• Surround yourself with people who aren’t afraid to disagree with you, and create a culture where it’s OK to do so
  • Understand your short comings and if you can, bring in people who have the skills you don’t
  • Let them team know you don’t expect them to constantly look at emails, and then lead by example
  • If you make a mistake, apologise and own it

For the relaunch we introduced picture questions to give viewers another way to play along, which had been successful in both Australian and American versions of the show.

We also brought in a bank button this time. The graphics and logo were brought up to date, and the music had an update but it’s so memorable and brilliant we didn’t want to mess with it too much. We talked a lot about format tweaks but ultimately felt that a new host, new tone and new look would make the show feel new.


One of the things I love the most about the show is the chance between each round to roast the celebrities and adlib. It’s the place I was most in awe of Romesh. He would give us a few minutes of, adlibbed comedy, it was quite something to watch. Especially when he had to do it 72 times in the series.

I hope viewers feel we have respected such a well-loved format. Making a warmer version of the show without losing the pressure and the sass of the original was a difficult line to tread but an important shift to make.

Barbara Wiltshire, director

Barbara Wiltshire_IMG_1942

When I found out that the incredible quick-witted talent of Romesh Ranganathan was hosting BBC’s The Weakest Link I jumped at the offer to direct the series and started to think about how this iconic show could be reimagined for today’s audience.

Patrick Doherty’s beautiful design gave a nod to his original Weakest Link design while creating a fresh new 360 degree set that had incredible scale and high production values, this was enhanced by Roger Williams’ impressive lighting design and graphics fed screens to create a slick and stylish environment for this new incarnation of one of the world’s most successful formats - no pressure!

Shooting in the round always brings a set of challenges for a director, so it was essential to navigate this while also wanting the camera design to inject new energy into the show.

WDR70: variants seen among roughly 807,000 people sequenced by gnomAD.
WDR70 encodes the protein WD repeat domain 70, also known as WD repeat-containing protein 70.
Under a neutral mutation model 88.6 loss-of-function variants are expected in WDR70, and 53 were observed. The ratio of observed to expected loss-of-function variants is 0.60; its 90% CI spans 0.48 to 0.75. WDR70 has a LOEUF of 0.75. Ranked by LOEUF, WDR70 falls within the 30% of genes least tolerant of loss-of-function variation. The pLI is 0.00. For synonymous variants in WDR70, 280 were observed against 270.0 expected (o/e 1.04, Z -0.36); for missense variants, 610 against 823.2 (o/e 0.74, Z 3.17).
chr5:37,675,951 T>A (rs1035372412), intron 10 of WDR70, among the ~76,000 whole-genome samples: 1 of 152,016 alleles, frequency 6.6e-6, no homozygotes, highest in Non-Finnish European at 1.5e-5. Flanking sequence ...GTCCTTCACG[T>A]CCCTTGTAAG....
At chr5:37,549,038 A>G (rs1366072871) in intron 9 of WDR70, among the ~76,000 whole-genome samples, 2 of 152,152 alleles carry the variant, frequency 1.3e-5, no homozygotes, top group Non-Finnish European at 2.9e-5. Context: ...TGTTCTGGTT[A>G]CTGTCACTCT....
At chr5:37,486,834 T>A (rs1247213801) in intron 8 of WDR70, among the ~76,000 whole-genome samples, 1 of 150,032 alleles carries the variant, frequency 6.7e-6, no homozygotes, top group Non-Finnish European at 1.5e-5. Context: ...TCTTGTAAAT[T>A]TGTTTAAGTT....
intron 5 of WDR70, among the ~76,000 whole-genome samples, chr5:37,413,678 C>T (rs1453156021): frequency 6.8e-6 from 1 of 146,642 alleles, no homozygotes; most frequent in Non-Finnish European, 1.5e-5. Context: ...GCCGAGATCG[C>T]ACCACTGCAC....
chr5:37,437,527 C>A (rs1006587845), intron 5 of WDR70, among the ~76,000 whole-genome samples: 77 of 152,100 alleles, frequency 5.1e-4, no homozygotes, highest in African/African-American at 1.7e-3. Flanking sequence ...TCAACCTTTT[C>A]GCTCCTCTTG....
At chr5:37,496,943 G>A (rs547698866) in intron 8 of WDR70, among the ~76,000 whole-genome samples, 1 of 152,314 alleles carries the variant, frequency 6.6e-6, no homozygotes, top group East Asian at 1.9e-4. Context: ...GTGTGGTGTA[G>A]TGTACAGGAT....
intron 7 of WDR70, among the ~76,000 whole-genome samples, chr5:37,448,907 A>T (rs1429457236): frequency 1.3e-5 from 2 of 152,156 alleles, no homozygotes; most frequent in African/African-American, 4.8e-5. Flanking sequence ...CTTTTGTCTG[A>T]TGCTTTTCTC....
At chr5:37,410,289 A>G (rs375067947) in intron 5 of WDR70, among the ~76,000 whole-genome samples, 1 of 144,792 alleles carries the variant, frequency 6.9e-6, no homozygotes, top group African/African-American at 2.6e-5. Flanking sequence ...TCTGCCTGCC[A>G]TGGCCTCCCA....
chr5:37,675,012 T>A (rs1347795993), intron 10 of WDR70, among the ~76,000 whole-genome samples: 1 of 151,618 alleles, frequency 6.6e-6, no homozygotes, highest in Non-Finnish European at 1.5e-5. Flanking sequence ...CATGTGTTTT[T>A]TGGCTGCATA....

Joe Finan, camera supervisor, and I talked through the camera design, with a two pronged approach, to keep the intimacy of shots for the comedy and to also exploit the scale and architecture of the set. We created camera hides to ensure we kept the right side of the line for all of Romesh’s interactions with contestants, which required Canon 95:1 lenses to shoot across the 70+ foot from camera hide to contestants.

A slung overhead camera captured the structure of the gameplay which was reflected in the graphics design, it also celebrated the beautiful symmetry of the set. I felt the iconic panning contestant shot was important to replicate, this required the set to be altered to allow the jib to obtain the optimum position to achieve the shot, without compromising Patrick’s design.

Finally, Joe and I agreed that a steadicam would capture the visceral reactions to the high pressure game play and Romesh’s roasts with an immediacy and intimacy only a steadicam can achieve.

It would also allow us to enhance the storytelling of the relationship between the contestants as their narrative changes so quickly from a collective with a mutually beneficial aim, to a group of hostile individuals focused on their own survival.

Fortunately, the talented individuals who worked with me to make the series managed to remain a collective and that team approach has given rise to the new The Weakest Link, that has hopefully managed to hold onto the essence of the show while taking creatively exciting steps forward.